She has served on the Community Theatre League’s board for six years, along with the United Way’s Funds Distribution Panel and helped establish the Bonny Troisi Fund with the Red Cross. She was on the Planned Giving Council for three years and was a graduate of the class of 2006 of Leadership Lycoming.

One of her focuses in this new position will be on development and grant-writing.

“We’re ready to bump it up,” she said about the WSO. “We’re going to keep growing and moving as the area grows.”

Harris said she’s excited to explore the regional aspects of the WSO, such as the partnership with the Susquehanna Valley Chorale for the “Epic” season opener on Oct. 2.

“I’d love to bring in more guest artists,” she said, adding that Edelstein has done a great job focusing on local and regional talent.

A former singer, Harris sang with an a cappella group while she was in college and became involved in the CTL when her daughter, Hannah, now 19, was younger.

Harris grew up in northern Ontario and was a competitive ice skater who recently put her talents to the rink as a volunteer teacher for several weekly ice skating classes at Airmen Pond at Bowman Field.

She was actively involved with the WSO before applying for the job; she was a Friends of the Symphony member for 10 years and has been a season subscriber with her mother for many years.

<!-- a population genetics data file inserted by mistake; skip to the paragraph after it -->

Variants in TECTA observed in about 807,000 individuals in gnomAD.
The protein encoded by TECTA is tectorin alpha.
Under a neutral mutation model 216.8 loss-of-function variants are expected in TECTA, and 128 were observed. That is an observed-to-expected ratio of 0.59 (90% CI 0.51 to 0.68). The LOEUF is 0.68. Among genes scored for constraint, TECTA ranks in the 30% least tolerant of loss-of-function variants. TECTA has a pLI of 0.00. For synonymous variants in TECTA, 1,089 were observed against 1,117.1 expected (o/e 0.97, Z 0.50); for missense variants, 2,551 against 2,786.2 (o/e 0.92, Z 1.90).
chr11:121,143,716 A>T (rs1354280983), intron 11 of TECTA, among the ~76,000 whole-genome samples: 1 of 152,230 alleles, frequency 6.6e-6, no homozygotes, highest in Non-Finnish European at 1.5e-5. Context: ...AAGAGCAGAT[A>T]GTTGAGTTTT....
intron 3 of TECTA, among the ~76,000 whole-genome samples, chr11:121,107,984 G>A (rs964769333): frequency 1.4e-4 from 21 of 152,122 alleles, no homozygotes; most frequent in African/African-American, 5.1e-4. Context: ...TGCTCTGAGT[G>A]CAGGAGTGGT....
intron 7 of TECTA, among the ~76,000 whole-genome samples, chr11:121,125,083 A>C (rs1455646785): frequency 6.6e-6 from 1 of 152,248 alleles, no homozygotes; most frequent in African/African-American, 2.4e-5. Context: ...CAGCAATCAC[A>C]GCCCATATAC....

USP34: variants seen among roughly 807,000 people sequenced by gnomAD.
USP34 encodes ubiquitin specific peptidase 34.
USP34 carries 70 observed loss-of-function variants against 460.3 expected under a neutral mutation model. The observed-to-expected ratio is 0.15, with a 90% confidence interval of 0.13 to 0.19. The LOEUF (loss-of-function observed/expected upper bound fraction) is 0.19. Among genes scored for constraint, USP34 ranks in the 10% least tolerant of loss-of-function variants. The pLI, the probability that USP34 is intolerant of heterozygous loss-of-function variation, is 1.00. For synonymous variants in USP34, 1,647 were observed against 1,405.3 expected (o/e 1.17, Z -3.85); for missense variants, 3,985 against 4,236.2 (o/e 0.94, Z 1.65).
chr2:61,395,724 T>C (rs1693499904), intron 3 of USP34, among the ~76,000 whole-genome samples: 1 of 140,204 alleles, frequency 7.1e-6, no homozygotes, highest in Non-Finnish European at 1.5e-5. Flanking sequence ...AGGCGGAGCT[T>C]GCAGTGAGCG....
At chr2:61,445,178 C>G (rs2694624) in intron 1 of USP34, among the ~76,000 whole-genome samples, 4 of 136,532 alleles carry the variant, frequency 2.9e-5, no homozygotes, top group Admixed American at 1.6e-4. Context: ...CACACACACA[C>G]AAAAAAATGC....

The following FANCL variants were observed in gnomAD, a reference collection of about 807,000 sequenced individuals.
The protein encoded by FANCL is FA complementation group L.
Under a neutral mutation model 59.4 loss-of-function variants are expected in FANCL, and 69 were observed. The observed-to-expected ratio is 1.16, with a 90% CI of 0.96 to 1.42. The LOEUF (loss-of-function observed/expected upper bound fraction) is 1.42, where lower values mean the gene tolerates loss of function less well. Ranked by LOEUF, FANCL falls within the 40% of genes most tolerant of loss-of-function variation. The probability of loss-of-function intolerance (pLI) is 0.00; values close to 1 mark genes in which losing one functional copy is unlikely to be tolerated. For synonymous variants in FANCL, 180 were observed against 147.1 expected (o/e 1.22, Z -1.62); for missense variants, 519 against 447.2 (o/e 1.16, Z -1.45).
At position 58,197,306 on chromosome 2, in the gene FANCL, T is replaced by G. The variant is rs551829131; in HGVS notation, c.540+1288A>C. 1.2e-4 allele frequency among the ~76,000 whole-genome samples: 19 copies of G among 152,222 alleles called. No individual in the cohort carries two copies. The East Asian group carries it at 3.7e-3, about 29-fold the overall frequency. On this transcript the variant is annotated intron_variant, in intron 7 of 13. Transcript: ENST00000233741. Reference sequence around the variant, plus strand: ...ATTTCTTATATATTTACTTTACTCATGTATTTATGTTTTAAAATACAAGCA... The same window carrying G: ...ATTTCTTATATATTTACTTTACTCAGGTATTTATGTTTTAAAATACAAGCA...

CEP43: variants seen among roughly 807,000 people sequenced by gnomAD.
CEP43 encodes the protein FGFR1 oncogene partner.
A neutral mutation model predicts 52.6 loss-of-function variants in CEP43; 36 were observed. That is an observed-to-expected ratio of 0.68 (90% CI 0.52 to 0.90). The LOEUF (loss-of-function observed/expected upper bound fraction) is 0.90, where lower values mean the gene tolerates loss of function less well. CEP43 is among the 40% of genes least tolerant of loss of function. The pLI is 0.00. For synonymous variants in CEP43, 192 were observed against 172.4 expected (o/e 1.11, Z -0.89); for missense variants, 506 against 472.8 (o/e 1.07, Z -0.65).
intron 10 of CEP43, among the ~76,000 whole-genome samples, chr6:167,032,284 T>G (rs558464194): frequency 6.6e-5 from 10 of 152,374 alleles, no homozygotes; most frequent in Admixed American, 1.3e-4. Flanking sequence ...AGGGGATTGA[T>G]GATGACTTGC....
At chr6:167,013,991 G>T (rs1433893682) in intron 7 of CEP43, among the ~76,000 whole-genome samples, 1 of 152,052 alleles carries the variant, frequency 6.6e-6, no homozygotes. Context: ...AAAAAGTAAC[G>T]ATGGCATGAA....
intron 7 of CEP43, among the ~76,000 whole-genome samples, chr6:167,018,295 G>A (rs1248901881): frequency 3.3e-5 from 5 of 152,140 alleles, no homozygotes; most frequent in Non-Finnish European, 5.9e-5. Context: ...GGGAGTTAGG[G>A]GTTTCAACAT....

“My vision is for the organization to be financially viable and increase the subscriptions and number of people coming to the performances,” she said. “I would love to get younger patrons involved.”

She stressed the role of the WSO in the community as one of outreach and education, adding that students ages 4 to 23 can get free and discounted tickets to all performances.

“It’s free for the balcony for students and $5 for orchestra seats,” she said.

She encouraged patrons to attend the pre-concert socials where Edelstein discusses the music before each performance.

“Gerardo makes the symphony fun, he talks about the piece, gives the background,” she said about why people should go to a WSO performance. “He turns around and talks to the audience and gives a bit about what the composer was doing.”

Harris is assisted by Jabbour, the other full-time WSO employee, and Becky Ciabattari, the part-time orchestra manager and librarian. To help guide her in this role, former executive director Barb Velez has been consulting with Harris to assist with the transition.

“Considering the number of programs here, it is amazing this gets done with such a small staff,” Harris said. “This group of people is a joy to work with.”

The WSO’s next performance will be “Music of the Spheres” at 7:30 p.m. Feb. 12 at the Community Arts Center. This production will include a female choir from Lycoming College, along with two Williamsport-area natives, flutist Pamela Stahel, from Zurich, and harpist Ruth Hunter.

Shortly after that, at 7:30 p.m. Feb. 18, the WSYO and Junior Strings will hold a combined winter concert at the CAC.

For tickets or more information about the WSO, visit